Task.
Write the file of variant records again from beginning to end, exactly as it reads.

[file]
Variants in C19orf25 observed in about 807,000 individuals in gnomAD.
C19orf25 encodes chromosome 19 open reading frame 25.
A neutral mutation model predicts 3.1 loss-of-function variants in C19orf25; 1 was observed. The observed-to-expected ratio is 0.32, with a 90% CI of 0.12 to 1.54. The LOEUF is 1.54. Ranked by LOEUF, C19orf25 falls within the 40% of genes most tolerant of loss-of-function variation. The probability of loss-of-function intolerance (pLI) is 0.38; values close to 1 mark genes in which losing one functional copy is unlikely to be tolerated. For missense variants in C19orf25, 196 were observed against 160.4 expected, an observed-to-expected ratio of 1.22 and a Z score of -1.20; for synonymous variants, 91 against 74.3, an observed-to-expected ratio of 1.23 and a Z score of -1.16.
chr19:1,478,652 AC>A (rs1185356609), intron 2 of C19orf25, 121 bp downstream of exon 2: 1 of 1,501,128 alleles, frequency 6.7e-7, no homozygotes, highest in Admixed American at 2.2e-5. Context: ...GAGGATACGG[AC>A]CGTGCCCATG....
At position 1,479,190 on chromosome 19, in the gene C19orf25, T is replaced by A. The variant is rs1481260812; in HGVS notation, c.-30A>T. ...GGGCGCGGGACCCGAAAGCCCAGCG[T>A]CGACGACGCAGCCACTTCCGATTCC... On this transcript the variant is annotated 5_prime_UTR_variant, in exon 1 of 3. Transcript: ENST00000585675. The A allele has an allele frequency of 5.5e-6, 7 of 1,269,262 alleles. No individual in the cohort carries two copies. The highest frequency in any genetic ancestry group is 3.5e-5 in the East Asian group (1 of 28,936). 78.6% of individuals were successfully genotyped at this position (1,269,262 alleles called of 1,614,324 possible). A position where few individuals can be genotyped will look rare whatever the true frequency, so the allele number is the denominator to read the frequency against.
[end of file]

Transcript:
Variants in C19orf25 observed in about 807,000 individuals in gnomAD.
C19orf25 encodes chromosome 19 open reading frame 25.
A neutral mutation model predicts 3.1 loss-of-function variants in C19orf25; 1 was observed. The observed-to-expected ratio is 0.32, with a 90% CI of 0.12 to 1.54. The LOEUF is 1.54. Ranked by LOEUF, C19orf25 falls within the 40% of genes most tolerant of loss-of-function variation. The probability of loss-of-function intolerance (pLI) is 0.38; values close to 1 mark genes in which losing one functional copy is unlikely to be tolerated. For missense variants in C19orf25, 196 were observed against 160.4 expected, an observed-to-expected ratio of 1.22 and a Z score of -1.20; for synonymous variants, 91 against 74.3, an observed-to-expected ratio of 1.23 and a Z score of -1.16.
chr19:1,478,652 AC>A (rs1185356609), intron 2 of C19orf25, 121 bp downstream of exon 2: 1 of 1,501,128 alleles, frequency 6.7e-7, no homozygotes, highest in Admixed American at 2.2e-5. Context: ...GAGGATACGG[AC>A]CGTGCCCATG....
At position 1,479,190 on chromosome 19, in the gene C19orf25, T is replaced by A. The variant is rs1481260812; in HGVS notation, c.-30A>T. ...GGGCGCGGGACCCGAAAGCCCAGCG[T>A]CGACGACGCAGCCACTTCCGATTCC... On this transcript the variant is annotated 5_prime_UTR_variant, in exon 1 of 3. Transcript: ENST00000585675. The A allele has an allele frequency of 5.5e-6, 7 of 1,269,262 alleles. No individual in the cohort carries two copies. The highest frequency in any genetic ancestry group is 3.5e-5 in the East Asian group (1 of 28,936). 78.6% of individuals were successfully genotyped at this position (1,269,262 alleles called of 1,614,324 possible). A position where few individuals can be genotyped will look rare whatever the true frequency, so the allele number is the denominator to read the frequency against.